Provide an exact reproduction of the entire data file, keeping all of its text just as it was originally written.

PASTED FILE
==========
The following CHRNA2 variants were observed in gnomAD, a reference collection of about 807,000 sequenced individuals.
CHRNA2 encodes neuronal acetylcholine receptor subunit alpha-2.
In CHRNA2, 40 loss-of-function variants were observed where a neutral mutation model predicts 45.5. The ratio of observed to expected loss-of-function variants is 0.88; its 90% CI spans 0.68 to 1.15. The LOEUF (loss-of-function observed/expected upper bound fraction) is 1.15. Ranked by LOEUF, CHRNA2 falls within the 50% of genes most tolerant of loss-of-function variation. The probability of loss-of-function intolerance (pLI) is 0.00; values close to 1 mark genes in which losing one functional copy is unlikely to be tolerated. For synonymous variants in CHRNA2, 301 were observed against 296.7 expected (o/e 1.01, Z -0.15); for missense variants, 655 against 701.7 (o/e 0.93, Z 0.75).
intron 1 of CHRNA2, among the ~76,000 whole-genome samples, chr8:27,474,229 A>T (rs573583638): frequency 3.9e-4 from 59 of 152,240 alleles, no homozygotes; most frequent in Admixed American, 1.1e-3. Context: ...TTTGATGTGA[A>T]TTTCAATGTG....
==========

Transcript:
The following CHRNA2 variants were observed in gnomAD, a reference collection of about 807,000 sequenced individuals.
CHRNA2 encodes neuronal acetylcholine receptor subunit alpha-2.
In CHRNA2, 40 loss-of-function variants were observed where a neutral mutation model predicts 45.5. The ratio of observed to expected loss-of-function variants is 0.88; its 90% CI spans 0.68 to 1.15. The LOEUF (loss-of-function observed/expected upper bound fraction) is 1.15. Ranked by LOEUF, CHRNA2 falls within the 50% of genes most tolerant of loss-of-function variation. The probability of loss-of-function intolerance (pLI) is 0.00; values close to 1 mark genes in which losing one functional copy is unlikely to be tolerated. For synonymous variants in CHRNA2, 301 were observed against 296.7 expected (o/e 1.01, Z -0.15); for missense variants, 655 against 701.7 (o/e 0.93, Z 0.75).
intron 1 of CHRNA2, among the ~76,000 whole-genome samples, chr8:27,474,229 A>T (rs573583638): frequency 3.9e-4 from 59 of 152,240 alleles, no homozygotes; most frequent in Admixed American, 1.1e-3. Context: ...TTTGATGTGA[A>T]TTTCAATGTG....